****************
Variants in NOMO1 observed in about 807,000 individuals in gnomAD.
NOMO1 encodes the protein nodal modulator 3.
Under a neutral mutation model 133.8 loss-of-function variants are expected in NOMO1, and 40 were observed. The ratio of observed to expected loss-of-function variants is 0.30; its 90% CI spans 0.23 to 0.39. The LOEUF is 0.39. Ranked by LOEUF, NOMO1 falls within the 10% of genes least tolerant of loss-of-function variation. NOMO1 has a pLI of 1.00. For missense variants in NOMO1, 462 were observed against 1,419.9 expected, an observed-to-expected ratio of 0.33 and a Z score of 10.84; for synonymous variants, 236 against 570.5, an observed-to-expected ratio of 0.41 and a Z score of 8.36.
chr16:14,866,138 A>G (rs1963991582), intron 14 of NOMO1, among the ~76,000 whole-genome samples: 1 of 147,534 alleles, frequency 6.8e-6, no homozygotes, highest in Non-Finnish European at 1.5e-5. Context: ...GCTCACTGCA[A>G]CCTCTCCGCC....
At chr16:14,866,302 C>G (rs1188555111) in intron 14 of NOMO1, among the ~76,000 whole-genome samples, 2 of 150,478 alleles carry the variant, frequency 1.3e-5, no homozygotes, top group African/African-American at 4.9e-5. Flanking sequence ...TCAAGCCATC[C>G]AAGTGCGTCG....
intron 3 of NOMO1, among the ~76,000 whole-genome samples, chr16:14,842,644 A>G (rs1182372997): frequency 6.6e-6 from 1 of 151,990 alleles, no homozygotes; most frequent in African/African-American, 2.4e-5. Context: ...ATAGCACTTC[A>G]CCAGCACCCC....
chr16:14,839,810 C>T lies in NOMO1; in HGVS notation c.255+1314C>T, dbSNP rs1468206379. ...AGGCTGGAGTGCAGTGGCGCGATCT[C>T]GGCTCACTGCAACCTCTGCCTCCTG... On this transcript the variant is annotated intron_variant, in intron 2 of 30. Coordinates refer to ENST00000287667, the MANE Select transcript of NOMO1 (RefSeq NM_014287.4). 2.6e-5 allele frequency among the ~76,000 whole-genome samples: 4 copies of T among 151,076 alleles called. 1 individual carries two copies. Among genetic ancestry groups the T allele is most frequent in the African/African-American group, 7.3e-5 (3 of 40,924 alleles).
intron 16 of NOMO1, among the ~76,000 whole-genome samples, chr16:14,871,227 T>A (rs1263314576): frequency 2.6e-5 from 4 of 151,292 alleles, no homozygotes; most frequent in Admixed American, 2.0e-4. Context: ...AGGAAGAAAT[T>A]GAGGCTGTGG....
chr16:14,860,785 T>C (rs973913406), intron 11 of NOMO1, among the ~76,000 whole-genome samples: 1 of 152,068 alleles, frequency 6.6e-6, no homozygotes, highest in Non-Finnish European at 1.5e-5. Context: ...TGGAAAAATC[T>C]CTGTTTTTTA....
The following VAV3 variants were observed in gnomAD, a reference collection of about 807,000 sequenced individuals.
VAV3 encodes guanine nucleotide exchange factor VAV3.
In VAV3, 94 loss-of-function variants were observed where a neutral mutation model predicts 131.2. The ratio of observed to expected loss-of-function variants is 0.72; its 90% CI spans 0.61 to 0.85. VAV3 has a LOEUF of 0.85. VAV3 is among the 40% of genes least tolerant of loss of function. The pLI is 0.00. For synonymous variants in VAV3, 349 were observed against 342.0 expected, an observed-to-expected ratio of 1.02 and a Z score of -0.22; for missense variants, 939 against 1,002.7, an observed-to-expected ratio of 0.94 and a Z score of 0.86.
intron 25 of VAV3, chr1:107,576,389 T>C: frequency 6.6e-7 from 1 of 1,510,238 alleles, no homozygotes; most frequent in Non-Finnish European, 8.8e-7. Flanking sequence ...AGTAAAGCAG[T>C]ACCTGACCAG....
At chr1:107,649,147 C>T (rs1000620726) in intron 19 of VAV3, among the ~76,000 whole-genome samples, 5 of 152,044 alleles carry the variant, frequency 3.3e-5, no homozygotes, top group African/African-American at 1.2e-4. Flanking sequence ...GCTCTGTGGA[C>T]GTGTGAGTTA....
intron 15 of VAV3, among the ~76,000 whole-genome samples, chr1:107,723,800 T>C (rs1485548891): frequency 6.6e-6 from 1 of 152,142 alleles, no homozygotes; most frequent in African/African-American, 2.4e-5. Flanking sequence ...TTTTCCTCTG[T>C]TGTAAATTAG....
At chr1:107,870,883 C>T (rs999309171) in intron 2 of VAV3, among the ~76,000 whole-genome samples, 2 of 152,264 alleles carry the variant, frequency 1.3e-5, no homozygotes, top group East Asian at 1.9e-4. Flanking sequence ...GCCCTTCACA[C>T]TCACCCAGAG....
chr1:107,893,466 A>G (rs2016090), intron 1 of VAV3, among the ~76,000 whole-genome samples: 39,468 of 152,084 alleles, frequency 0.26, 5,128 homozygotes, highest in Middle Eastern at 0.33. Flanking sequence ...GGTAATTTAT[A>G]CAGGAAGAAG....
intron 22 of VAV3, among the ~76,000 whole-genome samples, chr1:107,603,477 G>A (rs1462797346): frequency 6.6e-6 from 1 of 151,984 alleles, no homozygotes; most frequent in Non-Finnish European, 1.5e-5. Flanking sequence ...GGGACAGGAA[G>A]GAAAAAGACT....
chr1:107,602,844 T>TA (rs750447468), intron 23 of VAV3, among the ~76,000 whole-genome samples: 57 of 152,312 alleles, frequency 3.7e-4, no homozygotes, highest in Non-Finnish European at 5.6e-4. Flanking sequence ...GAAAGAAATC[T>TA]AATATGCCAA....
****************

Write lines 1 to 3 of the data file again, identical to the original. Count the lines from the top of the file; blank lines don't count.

Variants in NOMO1 observed in about 807,000 individuals in gnomAD.
NOMO1 encodes the protein nodal modulator 3.
Under a neutral mutation model 133.8 loss-of-function variants are expected in NOMO1, and 40 were observed. The ratio of observed to expected loss-of-function variants is 0.30; its 90% CI spans 0.23 to 0.39. The LOEUF is 0.39. Ranked by LOEUF, NOMO1 falls within the 10% of genes least tolerant of loss-of-function variation. NOMO1 has a pLI of 1.00. For missense variants in NOMO1, 462 were observed against 1,419.9 expected, an observed-to-expected ratio of 0.33 and a Z score of 10.84; for synonymous variants, 236 against 570.5, an observed-to-expected ratio of 0.41 and a Z score of 8.36.